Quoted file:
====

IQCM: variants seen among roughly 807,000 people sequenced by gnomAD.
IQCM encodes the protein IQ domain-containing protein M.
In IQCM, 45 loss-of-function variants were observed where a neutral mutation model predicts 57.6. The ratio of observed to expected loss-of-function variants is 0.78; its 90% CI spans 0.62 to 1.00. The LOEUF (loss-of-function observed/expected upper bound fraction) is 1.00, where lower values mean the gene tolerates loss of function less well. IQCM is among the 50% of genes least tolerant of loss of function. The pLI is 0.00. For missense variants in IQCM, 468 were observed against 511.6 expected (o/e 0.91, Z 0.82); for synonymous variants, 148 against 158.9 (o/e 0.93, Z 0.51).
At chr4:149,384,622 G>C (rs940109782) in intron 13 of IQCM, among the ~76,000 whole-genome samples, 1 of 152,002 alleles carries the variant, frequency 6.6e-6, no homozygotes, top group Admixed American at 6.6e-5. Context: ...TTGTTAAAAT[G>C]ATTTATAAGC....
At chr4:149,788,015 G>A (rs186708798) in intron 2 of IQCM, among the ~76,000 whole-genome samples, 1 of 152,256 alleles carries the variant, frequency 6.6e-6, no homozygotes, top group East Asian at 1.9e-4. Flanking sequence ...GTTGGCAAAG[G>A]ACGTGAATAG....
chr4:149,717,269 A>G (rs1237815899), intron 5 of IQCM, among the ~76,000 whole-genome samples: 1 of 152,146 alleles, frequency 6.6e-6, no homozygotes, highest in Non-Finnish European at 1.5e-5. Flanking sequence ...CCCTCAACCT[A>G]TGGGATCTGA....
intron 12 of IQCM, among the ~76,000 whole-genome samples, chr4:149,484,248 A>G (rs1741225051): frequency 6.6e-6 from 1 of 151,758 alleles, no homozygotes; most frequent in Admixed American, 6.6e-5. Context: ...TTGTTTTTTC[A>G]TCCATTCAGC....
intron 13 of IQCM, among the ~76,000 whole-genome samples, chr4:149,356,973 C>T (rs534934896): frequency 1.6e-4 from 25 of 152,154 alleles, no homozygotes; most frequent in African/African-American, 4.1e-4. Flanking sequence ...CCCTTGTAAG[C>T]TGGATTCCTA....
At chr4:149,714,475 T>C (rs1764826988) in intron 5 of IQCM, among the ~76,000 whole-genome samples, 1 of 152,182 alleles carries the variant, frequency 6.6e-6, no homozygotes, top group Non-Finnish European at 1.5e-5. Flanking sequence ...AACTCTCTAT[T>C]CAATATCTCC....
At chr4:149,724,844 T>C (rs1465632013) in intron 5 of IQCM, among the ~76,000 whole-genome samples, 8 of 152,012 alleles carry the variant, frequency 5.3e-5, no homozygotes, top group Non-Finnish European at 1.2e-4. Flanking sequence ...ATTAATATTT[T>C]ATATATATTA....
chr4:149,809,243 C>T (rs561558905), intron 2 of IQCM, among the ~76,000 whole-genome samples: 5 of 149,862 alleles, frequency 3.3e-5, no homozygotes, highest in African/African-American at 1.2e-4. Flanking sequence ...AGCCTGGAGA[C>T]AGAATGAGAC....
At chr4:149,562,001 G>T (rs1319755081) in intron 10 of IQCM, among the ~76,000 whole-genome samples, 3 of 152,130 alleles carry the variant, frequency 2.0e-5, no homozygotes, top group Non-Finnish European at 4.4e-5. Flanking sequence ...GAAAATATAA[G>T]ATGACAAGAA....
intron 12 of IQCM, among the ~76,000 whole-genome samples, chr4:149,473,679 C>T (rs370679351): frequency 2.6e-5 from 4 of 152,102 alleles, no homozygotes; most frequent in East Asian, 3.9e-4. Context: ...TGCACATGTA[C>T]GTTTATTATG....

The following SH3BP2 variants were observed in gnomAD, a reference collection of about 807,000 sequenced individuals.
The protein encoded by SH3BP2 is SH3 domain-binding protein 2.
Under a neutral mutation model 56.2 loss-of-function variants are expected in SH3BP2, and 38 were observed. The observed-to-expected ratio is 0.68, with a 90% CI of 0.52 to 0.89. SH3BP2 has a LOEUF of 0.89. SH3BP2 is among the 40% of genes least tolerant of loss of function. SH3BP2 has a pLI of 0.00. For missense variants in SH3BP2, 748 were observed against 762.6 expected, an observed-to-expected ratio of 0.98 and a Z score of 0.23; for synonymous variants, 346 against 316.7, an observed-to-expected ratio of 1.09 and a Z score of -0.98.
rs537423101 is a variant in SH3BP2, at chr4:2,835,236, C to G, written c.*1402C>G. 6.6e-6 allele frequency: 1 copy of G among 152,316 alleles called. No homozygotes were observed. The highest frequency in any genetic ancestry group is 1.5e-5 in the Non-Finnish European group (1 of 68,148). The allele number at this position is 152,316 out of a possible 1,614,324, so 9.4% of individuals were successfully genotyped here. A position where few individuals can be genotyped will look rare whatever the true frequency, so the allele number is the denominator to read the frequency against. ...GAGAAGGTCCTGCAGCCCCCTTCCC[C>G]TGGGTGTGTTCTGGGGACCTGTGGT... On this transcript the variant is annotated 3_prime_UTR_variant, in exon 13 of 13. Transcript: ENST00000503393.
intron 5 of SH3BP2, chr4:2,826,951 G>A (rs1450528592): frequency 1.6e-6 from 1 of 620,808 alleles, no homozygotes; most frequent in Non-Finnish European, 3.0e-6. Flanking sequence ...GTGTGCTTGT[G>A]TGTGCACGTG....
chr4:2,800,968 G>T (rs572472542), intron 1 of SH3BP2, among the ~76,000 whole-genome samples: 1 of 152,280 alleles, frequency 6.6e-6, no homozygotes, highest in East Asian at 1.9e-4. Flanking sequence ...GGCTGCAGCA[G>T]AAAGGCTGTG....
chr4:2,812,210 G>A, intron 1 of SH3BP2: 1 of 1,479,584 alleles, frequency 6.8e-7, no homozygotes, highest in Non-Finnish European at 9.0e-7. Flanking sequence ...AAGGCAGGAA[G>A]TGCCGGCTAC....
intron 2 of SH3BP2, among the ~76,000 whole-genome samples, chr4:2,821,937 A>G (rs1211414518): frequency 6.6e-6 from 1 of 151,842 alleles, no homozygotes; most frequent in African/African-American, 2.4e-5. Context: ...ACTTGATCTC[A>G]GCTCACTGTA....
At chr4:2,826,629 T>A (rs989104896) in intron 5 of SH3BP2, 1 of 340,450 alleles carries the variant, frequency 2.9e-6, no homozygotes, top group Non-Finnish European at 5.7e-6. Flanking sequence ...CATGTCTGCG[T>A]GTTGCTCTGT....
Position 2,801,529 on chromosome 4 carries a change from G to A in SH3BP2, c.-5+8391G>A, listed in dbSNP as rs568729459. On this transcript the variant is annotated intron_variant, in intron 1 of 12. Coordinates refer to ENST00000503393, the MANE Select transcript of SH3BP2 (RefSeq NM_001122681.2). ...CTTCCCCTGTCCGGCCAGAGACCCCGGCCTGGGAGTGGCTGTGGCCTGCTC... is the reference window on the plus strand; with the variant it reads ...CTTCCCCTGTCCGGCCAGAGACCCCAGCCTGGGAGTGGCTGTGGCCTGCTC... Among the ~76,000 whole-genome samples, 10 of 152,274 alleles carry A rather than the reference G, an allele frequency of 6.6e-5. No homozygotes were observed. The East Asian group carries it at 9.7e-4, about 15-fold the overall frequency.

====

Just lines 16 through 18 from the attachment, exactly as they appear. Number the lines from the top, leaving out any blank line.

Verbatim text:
Under a neutral mutation model 56.2 loss-of-function variants are expected in SH3BP2, and 38 were observed. The observed-to-expected ratio is 0.68, with a 90% CI of 0.52 to 0.89. SH3BP2 has a LOEUF of 0.89. SH3BP2 is among the 40% of genes least tolerant of loss of function. SH3BP2 has a pLI of 0.00. For missense variants in SH3BP2, 748 were observed against 762.6 expected, an observed-to-expected ratio of 0.98 and a Z score of 0.23; for synonymous variants, 346 against 316.7, an observed-to-expected ratio of 1.09 and a Z score of -0.98.
rs537423101 is a variant in SH3BP2, at chr4:2,835,236, C to G, written c.*1402C>G. 6.6e-6 allele frequency: 1 copy of G among 152,316 alleles called. No homozygotes were observed. The highest frequency in any genetic ancestry group is 1.5e-5 in the Non-Finnish European group (1 of 68,148). The allele number at this position is 152,316 out of a possible 1,614,324, so 9.4% of individuals were successfully genotyped here. A position where few individuals can be genotyped will look rare whatever the true frequency, so the allele number is the denominator to read the frequency against. ...GAGAAGGTCCTGCAGCCCCCTTCCC[C>G]TGGGTGTGTTCTGGGGACCTGTGGT... On this transcript the variant is annotated 3_prime_UTR_variant, in exon 13 of 13. Transcript: ENST00000503393.
intron 5 of SH3BP2, chr4:2,826,951 G>A (rs1450528592): frequency 1.6e-6 from 1 of 620,808 alleles, no homozygotes; most frequent in Non-Finnish European, 3.0e-6. Flanking sequence ...GTGTGCTTGT[G>A]TGTGCACGTG....